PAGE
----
Welcome to shedding! If this is your first dog, you’ll probably need to change things up and break out a vacuum that can tackle pet hair.
Hoover Power Drive Bagless Multi Floor Upright Vacuum Cleaner with Swivel Steering
Made for cleaning carpets and hard floors, this Hoover also comes with attachments for picking up pet hair.
A pooper scooper is a must-have item if you have a yard or don’t like the “hand in the bag” approach.
New Puppy Checklist: Essential Health Care Services
It takes a village to raise and care for a new puppy. Make sure to enlist trusted professionals to help you with your puppy’s health and wellbeing.
A check-up is going to be one of the very first things on your new pup’s to-do list, and it can take a little while to find a vet you like and trust. It’s nice to shop around before you bring your new buddy home—that way you can find someone who’s a good fit for you and within your price range.
It’s also important to know where you’d take your dog in an emergency and who you’d call—figuring it out on the fly can add pressure to an already stressful situation.
It’s also a good idea to make some financial preparations. It’s not easy to think about accident or illness befalling your brand-new puppy—but knowing how you’d pay for any major veterinary costs can offer peace of mind as your dog ages (and gets into mischief).
Pet insurance is one way to make sure you’re covered for catastrophes, and the younger your pup is when you get a policy, the more likely it is that treatments for health problems down the road will be covered (and not denied as pre-existing conditions). Read on for resources to help you figure out what’s right for you.
Telehealth Providers Like Pawp
If you’re a first-time pet parent, there’s a good chance you’re going to have some questions. Let’s say your little guy gets into something he shouldn’t have and is looking queasy—should you rush him to the vet, or can you wait until morning and see how he’s feeling?
A telehealth provider like Pawp is a nice solution. Their vets are on call 24/7 to answer your questions, and while they can’t prescribe medicine or physically examine your dog like your vet can, they can help you make some judgment calls and offer advice on a range of issues, from anxiety and behavioral problems to rashes and odd poop (trust us, you’re going to have poop questions). The next time you encounter one, give it a free trial.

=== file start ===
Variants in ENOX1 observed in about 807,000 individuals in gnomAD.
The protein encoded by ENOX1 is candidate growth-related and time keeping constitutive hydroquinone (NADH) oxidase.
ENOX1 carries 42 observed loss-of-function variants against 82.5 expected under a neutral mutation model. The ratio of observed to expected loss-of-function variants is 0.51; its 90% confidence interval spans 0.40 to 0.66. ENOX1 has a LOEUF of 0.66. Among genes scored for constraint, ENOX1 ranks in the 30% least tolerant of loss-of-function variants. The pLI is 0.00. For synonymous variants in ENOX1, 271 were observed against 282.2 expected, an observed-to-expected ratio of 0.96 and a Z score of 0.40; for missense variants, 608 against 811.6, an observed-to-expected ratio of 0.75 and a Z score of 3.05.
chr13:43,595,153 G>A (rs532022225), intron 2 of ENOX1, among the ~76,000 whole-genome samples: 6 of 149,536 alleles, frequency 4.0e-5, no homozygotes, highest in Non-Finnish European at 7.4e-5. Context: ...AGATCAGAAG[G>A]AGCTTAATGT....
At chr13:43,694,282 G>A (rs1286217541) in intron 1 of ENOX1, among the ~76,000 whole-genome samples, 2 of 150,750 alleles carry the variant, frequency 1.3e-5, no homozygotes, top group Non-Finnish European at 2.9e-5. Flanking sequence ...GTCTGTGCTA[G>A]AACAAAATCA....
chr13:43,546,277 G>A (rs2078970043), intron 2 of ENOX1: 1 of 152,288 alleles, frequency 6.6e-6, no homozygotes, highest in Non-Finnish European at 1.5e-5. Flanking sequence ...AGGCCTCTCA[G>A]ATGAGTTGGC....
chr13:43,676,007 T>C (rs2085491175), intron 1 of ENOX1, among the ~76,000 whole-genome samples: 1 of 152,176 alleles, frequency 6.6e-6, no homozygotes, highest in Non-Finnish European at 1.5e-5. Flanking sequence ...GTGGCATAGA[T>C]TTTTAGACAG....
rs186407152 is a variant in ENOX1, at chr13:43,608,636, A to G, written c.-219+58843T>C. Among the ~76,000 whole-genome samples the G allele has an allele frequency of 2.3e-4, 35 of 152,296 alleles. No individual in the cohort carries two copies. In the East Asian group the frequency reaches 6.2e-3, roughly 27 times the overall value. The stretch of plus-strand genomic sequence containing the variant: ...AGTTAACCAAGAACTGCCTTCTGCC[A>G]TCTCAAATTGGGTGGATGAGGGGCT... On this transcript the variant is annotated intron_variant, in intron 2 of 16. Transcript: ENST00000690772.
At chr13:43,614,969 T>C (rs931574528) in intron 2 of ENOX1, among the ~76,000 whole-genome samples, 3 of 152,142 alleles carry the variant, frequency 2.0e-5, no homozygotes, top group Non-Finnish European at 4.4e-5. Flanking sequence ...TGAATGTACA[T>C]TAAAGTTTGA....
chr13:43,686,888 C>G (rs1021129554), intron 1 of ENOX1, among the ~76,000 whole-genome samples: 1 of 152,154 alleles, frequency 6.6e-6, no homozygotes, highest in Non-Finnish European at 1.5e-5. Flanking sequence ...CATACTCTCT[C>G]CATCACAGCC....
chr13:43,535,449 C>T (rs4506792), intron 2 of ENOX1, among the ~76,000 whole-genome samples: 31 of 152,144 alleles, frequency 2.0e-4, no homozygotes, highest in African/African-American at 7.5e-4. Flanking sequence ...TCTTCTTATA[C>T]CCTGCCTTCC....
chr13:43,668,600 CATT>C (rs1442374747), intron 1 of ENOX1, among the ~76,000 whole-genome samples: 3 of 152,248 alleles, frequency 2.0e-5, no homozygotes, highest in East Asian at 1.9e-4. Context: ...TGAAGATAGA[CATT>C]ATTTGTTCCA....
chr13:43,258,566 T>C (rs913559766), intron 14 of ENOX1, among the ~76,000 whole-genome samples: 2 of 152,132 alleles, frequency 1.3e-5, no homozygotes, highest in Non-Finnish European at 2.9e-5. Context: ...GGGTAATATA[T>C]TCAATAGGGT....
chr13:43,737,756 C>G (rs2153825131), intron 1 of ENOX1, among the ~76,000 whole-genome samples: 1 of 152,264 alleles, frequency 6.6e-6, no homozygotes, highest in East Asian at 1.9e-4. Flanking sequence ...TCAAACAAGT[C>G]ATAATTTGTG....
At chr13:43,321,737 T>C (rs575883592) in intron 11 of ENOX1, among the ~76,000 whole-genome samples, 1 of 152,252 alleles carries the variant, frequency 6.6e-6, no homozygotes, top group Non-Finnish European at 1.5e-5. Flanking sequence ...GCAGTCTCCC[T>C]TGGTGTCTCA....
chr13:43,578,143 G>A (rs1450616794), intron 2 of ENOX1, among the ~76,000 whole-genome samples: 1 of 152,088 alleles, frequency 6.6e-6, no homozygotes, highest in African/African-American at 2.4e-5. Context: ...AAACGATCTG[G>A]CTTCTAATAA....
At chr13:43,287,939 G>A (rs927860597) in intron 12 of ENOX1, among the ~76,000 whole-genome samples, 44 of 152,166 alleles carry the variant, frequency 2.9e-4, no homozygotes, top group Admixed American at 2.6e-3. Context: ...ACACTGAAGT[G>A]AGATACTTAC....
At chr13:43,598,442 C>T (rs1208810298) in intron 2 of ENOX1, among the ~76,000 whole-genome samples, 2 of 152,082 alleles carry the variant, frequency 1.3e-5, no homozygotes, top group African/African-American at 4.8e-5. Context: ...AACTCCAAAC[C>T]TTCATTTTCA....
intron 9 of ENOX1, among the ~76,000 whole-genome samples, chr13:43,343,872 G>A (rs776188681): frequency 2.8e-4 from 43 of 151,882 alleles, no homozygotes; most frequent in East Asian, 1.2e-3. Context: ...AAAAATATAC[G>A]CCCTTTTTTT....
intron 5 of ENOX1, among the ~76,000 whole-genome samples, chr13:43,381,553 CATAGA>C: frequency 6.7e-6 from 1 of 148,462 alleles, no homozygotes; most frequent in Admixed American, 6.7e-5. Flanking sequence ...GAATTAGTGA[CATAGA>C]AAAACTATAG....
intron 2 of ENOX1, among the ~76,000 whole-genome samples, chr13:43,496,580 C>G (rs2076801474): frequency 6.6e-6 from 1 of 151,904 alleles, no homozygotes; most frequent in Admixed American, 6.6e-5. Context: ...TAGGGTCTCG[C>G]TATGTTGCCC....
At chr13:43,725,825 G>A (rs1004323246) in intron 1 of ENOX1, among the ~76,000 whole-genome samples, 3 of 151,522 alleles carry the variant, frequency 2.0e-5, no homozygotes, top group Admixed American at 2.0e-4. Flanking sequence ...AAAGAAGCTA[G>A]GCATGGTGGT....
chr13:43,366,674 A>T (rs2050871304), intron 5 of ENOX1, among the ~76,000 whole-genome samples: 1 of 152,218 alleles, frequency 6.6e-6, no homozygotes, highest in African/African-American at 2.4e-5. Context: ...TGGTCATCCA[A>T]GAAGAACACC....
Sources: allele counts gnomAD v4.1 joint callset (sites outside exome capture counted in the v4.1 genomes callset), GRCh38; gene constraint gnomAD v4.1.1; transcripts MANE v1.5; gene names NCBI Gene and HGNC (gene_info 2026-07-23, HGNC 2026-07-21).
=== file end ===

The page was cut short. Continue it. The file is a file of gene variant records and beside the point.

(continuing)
Other Services to Consider
Dog trainer: A certified dog trainer can make training your puppy a lot easier. If this is your first-time raising a puppy, we highly recommend taking a puppy prep class. This can help your puppy socialize and increase your chances of getting into doggy day care.
Pet sitter: It’s easy to forget your puppy can’t go everywhere with you until that first impromptu weekend getaway. Having a trusted pet sitter makes everything easier. We recommend letting your puppy get used to being watched by a pet sitter for few days and overnights to make multiple nights away from you easier.
Dog walker: Life can get hectic, and puppies have their own schedule. Having a dog walker to give your pup a potty break or some exercise is great for peace of mind, especially if you commute far for work.
Dog groomer: While some breeds need professional grooming more than others, it’s a great idea to work on getting your puppy used to handling for easier visits down the road. Some professionals recommend even bathing your puppy once a week up until 6 months so your pup is used to being handle in the tub or dried by a loud blow dryer. Slowly desensitizing them help you avoid being rejected by groomers down the slow.